When Jennifer White-Johnson and her husband Kevin Johnson Jr. went to see their son Knox perform at his school’s winter concert recently, they didn’t know what to expect.
They knew Knox was scheduled to perform a solo so they had their cameras ready to go.
But what they saw stopped them in their tracks and White-Johnson felt compelled to share her 10-year-old’s performance with not just the world but also with the one and only Mariah Carey.
In a Dec. 13 tweet, White-Johnson wrote, “Timeline cleanse if you need one! Knox tonight at his 4th grade school winter concert singing @MariahCarey ‘All I Want For Christmas Is You’ #AutisticJoy on full display! My kid is everything! I hope Mariah sees this!!”
Sure enough, young Knox’s performance caught the eye of the singer and Carey replied in a tweet the following day. “Your kid IS everything!!!!!! Knox, you made my day. Your JOY gives me and everyone watching JOY. THANK YOU for reminding me why I wake up in the morning and do what I do. I love you ❤️❤️❤️❤️❤️,” Carey wrote.
According to his parents, Knox’s unrestrained singing is indicative of what they’re strived to instill in him – a sense of freedom and love.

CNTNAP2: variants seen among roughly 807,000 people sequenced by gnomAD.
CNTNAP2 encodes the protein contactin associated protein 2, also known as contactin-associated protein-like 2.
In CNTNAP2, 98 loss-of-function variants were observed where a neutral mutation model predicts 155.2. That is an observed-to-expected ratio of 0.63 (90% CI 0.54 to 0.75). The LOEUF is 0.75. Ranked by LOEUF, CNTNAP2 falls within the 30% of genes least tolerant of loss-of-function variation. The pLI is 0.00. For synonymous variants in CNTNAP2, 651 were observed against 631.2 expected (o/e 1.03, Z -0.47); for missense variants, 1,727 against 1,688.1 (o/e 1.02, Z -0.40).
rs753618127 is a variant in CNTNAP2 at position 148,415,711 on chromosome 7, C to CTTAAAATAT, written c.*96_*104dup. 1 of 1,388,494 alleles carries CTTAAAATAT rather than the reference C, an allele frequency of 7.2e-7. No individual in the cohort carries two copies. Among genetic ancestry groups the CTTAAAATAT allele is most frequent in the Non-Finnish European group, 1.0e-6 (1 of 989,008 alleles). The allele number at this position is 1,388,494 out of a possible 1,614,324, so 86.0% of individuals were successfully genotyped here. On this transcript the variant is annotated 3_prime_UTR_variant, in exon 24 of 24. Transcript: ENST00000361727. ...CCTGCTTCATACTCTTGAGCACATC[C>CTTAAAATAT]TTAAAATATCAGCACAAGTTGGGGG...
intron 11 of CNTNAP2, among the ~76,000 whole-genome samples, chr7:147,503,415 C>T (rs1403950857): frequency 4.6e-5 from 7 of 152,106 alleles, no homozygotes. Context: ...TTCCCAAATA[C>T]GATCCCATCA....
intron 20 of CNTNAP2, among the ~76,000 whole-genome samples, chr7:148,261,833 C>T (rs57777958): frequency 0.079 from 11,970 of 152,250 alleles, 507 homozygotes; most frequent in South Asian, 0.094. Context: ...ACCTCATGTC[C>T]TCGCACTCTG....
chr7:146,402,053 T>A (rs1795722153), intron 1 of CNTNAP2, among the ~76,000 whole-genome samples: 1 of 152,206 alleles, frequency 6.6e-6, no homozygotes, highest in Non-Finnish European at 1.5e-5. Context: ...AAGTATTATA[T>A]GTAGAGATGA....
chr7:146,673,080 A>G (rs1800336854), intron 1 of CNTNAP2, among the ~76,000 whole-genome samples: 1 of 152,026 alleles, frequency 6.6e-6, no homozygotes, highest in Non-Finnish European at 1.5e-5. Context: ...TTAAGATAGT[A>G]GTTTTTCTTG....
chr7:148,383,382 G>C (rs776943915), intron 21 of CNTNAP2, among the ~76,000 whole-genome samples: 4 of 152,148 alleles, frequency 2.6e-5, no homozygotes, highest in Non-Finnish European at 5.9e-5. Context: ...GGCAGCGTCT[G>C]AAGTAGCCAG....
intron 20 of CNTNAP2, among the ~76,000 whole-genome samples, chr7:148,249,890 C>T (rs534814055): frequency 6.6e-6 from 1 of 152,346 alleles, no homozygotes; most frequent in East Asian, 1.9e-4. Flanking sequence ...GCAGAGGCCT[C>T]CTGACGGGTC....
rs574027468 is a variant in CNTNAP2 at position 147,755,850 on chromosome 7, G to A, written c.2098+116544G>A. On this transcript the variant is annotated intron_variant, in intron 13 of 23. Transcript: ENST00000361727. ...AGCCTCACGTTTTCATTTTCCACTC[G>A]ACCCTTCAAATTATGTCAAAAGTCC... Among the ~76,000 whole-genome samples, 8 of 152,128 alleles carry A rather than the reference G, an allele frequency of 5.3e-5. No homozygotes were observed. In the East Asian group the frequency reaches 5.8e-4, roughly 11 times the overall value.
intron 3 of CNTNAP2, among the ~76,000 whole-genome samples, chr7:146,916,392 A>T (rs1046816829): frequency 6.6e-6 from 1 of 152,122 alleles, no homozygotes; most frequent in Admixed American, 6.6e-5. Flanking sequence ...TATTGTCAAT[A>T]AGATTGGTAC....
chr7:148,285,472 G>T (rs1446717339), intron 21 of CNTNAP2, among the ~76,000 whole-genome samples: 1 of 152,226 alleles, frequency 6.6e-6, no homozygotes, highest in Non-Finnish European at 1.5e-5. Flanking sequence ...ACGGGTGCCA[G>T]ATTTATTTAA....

“We don’t want to shush our son and we don’t want to make it a point to say you’re being too loud when all he’s really doing is being happy,” Johnson said. “Even going further, with a Black autistic child, there’s certain expectations of what that child’s behavior is going to be like. I’ve even heard various people say that they’re surprised he can even emote to that degree because they didn’t think that young, autistic children could do that. And it’s like, well, he’s still a human being and he has feelings and he has emotions that he’s excited to share. And while he’s still navigating this kind of experience that he has, he knows that he’s free to explore what that means for him.”
The video has undeniably gone viral with over 315,000 views on Twitter and more than 11,000 likes and it’s a reaction the parents say they’re happy to see.
“We definitely want for people to take away what they’ve already taken, I mean, just a breath of joy,” White-Johnson said. “There’s already so much heaviness that exists and I feel like that’s why the video just kept spreading and it’s still being retweeted.”
White-Johnson also said she wanted to share the video specifically for the disability community to see themselves portrayed in a positive light.
“I really posted it for the autistic community and for the disability community to see, so that they can feel seen, they can feel reflected, they can feel uplifted, because the narrative is always very much placed on uplifting disabled folks after they’re gone or after they’ve been taken from us and I feel like it’s a very rare occurrence where we can uplift a Black and disabled child while they’re still very alive and well.”